Arlington National Cemetery is banned from displaying patriotism

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The displaying of the American flag is technically banned at Arlington National Cemetery.

A law meant to block anti-military protests and picketing during Arlington burials was passed in 2006, and an unintended consequence of that act has made it illegal to display anything at the cemetery… even the American flag. Doing so could result in a fine or up to one year in prison.

There are special circumstances, of course, including flag displays that are “part of a funeral, memorial service, or ceremony,” which explains why it’s okay for soldiers to place those tiny flags next to each headstone and marker for Memorial Day and other national holidays and ceremonies.

In all other cases, U.S. code forbids the display of “any placard, banner, flag, or similar device” at the cemetery unless pre-approved by officials.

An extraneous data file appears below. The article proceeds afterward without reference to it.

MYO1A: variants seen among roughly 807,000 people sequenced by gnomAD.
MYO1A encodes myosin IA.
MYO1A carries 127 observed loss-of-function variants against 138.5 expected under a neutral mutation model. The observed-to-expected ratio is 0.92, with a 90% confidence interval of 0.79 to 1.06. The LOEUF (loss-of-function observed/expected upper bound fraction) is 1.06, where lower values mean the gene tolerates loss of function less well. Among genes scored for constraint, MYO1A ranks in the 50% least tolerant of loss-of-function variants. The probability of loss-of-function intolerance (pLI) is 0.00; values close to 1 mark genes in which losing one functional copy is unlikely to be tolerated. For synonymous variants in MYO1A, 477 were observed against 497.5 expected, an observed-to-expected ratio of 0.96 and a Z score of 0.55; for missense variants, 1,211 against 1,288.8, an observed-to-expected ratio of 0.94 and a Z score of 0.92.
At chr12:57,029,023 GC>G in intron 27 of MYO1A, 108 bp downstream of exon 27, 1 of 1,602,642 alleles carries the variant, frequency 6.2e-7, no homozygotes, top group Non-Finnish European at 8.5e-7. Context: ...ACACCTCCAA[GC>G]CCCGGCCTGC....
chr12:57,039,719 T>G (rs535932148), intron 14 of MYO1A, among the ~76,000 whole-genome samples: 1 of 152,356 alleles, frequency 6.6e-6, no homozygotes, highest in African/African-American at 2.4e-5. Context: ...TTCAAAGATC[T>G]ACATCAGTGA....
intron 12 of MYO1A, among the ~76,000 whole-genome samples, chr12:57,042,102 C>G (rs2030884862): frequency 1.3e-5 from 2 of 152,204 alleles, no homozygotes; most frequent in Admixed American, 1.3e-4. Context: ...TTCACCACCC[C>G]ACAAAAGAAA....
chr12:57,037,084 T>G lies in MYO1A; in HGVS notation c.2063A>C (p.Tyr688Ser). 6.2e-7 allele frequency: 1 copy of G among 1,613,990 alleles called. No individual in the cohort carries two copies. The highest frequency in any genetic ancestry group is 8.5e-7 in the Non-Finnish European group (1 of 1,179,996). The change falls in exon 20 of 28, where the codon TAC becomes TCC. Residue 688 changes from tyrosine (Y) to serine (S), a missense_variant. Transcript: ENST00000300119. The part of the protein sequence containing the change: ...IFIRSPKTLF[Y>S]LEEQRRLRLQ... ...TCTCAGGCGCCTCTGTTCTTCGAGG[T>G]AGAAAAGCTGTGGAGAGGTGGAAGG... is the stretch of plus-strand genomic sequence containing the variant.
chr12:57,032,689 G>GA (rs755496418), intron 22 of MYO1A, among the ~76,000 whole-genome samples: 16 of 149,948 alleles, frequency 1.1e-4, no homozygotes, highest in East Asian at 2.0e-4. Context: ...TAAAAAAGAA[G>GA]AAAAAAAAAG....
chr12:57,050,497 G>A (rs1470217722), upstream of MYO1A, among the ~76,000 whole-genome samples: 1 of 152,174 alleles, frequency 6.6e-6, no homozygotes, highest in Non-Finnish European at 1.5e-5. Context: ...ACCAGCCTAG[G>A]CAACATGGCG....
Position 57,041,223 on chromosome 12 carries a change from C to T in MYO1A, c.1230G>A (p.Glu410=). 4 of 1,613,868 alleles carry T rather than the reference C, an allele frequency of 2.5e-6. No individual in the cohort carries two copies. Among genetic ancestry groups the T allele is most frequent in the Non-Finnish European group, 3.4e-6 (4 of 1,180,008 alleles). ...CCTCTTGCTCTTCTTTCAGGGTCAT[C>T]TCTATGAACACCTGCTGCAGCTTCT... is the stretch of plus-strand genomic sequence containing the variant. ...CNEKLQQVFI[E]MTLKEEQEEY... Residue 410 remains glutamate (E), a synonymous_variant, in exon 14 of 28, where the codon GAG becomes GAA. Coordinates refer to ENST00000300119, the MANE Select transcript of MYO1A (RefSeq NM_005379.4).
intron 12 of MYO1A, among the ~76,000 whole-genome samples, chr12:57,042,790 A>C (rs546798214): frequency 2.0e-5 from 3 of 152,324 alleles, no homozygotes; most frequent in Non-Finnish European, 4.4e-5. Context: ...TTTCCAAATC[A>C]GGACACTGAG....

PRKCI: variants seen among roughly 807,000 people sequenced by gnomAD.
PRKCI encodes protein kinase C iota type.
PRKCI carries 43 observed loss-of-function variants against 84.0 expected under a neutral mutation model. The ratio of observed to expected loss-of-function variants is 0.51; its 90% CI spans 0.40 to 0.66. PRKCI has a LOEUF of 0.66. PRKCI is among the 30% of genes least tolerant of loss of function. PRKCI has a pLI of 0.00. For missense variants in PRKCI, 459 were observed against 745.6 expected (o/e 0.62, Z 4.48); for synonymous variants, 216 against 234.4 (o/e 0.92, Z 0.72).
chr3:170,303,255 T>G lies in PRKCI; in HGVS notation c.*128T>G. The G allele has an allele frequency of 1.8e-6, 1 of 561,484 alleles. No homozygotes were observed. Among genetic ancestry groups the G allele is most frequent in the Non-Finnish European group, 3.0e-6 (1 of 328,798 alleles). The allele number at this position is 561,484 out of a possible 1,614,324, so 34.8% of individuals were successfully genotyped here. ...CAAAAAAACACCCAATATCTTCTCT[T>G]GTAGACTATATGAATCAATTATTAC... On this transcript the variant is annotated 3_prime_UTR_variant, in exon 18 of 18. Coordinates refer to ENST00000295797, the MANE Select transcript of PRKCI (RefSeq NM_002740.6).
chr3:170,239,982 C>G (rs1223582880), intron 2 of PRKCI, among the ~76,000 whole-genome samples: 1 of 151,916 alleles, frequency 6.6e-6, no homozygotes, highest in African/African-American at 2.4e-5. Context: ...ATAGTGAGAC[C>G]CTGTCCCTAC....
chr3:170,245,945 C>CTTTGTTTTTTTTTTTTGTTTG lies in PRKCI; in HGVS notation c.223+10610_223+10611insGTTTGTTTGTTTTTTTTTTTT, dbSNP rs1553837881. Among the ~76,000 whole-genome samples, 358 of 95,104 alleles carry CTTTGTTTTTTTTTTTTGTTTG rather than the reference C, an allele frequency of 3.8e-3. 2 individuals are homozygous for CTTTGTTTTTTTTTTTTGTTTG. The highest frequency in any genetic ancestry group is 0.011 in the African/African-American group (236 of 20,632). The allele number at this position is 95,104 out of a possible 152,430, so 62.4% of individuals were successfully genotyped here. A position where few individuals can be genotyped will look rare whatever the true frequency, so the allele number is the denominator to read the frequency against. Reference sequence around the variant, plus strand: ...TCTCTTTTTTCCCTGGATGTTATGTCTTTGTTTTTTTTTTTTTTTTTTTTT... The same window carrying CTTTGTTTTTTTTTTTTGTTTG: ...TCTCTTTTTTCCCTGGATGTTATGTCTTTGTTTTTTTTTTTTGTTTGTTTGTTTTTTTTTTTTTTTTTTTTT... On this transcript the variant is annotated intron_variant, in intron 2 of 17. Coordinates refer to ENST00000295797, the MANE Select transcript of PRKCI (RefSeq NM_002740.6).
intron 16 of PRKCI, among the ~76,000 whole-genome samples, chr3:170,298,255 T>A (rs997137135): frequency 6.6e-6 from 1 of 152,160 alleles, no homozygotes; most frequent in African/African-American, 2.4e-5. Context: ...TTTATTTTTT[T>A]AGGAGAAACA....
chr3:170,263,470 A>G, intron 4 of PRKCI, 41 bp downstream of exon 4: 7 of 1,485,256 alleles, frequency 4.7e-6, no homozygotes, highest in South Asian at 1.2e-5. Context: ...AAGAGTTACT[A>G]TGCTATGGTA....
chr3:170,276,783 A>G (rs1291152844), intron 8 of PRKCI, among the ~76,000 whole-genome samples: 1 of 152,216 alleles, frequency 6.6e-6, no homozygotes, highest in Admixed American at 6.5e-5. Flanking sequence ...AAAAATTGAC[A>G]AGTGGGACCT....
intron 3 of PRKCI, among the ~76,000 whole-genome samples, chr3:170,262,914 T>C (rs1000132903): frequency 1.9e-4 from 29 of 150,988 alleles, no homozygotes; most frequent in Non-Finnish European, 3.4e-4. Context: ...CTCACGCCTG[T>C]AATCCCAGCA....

The original bill was introduced after members of the controversial Westboro Baptist Church repeatedly held protests at the National Cemetery and other cemeteries, disrespecting and upsetting the grieving families of soldiers.

American Civil Liberties Union attorney Lee Rowland explained in a Washington Post report that the law was written using broad terms in order to not violate the First Amendment. Since it was passed in 2006, protests at Arlington and dozens of other sites are banned.

“It’s an all-or-nothing proposition,” said Rowland, “Even if the results in practice may feel unjust.”

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